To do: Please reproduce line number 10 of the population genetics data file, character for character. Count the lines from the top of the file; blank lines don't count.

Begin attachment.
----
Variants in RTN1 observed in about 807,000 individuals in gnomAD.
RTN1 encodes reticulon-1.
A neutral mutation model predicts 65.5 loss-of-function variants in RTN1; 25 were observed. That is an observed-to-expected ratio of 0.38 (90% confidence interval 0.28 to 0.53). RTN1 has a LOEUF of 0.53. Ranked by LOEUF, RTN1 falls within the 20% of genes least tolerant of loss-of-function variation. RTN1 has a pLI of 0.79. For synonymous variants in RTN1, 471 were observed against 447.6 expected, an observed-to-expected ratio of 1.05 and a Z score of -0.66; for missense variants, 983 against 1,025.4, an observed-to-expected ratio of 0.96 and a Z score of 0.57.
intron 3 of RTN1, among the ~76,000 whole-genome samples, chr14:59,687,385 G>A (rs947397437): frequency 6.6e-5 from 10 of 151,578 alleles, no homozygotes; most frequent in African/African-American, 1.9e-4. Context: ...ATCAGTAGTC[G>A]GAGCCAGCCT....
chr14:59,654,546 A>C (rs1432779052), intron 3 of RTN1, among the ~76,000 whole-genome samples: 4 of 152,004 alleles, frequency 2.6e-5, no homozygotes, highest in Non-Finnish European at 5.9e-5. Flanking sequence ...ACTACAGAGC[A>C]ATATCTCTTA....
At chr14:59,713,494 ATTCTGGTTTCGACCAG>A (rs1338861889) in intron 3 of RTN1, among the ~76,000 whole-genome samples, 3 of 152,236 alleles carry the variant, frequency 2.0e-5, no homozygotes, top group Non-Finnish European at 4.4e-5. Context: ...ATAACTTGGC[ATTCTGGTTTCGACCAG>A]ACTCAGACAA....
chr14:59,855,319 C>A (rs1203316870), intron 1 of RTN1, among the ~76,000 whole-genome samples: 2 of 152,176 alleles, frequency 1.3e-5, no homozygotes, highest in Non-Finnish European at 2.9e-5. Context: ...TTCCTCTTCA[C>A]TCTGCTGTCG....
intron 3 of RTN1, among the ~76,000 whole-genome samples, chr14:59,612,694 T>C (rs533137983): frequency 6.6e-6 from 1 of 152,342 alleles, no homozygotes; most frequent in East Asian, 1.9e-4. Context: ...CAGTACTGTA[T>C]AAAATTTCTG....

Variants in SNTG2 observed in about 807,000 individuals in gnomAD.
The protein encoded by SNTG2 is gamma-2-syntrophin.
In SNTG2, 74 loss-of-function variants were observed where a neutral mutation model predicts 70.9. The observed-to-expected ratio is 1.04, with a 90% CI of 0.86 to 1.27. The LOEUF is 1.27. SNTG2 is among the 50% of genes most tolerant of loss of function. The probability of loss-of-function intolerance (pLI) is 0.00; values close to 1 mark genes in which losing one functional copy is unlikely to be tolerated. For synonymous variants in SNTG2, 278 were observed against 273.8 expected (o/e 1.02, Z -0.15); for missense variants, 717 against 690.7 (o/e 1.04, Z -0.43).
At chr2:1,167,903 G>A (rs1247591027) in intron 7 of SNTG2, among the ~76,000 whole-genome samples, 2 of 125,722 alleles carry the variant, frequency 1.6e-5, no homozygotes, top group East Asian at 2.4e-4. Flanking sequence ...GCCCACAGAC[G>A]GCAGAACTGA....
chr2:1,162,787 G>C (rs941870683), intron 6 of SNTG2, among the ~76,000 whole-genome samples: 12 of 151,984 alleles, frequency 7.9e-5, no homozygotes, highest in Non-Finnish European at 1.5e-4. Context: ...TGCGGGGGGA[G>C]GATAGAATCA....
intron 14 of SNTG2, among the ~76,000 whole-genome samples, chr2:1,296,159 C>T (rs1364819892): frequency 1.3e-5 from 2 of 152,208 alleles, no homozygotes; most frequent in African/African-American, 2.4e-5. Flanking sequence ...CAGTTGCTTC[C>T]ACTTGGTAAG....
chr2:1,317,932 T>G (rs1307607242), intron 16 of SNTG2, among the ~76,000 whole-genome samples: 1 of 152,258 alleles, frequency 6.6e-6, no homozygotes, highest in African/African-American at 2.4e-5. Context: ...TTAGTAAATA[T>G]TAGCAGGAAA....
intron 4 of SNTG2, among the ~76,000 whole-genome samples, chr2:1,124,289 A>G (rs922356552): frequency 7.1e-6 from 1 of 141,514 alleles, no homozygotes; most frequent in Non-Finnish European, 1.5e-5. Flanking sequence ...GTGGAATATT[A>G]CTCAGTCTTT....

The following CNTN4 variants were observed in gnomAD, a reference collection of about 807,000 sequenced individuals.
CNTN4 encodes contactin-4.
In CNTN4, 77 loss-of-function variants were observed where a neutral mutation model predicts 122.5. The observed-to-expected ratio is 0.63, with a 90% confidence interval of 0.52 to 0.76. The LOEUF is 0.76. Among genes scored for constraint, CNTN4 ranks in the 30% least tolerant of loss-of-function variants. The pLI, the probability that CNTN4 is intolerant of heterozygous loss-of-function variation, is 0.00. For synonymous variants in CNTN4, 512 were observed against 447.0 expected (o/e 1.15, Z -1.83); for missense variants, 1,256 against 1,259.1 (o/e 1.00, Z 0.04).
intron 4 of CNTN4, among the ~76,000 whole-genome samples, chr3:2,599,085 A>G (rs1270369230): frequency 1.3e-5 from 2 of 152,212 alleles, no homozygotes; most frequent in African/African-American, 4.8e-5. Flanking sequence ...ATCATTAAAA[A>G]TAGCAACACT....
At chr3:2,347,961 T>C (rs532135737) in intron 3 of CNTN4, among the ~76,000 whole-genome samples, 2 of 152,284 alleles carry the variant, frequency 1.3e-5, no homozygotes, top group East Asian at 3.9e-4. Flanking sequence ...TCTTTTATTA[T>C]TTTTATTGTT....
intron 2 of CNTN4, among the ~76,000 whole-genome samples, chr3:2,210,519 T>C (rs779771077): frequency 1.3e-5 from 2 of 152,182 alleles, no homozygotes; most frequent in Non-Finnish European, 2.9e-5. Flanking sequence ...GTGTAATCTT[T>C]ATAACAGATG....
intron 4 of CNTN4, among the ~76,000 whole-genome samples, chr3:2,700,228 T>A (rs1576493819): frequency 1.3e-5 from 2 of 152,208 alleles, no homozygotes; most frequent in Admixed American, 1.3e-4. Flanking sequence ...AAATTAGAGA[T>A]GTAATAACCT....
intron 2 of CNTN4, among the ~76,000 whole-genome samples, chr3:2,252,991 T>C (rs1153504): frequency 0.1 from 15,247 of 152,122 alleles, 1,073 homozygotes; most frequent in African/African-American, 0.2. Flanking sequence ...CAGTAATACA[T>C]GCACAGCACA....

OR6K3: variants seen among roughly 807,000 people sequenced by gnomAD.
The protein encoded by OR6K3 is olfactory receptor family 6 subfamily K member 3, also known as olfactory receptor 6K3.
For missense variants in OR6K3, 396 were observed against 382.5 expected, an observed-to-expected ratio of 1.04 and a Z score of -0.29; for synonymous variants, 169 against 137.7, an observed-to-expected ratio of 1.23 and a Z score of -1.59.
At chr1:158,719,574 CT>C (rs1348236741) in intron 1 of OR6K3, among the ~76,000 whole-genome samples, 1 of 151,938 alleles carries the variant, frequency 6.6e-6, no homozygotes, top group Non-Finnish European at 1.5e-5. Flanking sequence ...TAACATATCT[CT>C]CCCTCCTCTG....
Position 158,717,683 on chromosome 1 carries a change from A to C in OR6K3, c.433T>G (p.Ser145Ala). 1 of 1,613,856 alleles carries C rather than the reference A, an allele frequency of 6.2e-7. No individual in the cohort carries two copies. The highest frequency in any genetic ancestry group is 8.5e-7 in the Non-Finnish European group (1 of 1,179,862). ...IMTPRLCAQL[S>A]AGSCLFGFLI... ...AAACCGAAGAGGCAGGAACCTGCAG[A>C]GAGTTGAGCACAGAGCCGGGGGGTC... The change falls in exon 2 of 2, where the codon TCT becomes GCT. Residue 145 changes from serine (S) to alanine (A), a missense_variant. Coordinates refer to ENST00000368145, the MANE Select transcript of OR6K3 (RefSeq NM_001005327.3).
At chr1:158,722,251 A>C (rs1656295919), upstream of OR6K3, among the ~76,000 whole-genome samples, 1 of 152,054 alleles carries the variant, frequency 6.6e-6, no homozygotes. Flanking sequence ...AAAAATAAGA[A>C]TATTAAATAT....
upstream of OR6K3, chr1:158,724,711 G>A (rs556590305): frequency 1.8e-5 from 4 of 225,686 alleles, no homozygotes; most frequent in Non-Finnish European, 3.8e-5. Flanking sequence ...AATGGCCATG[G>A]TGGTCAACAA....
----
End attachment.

The protein encoded by SNTG2 is gamma-2-syntrophin.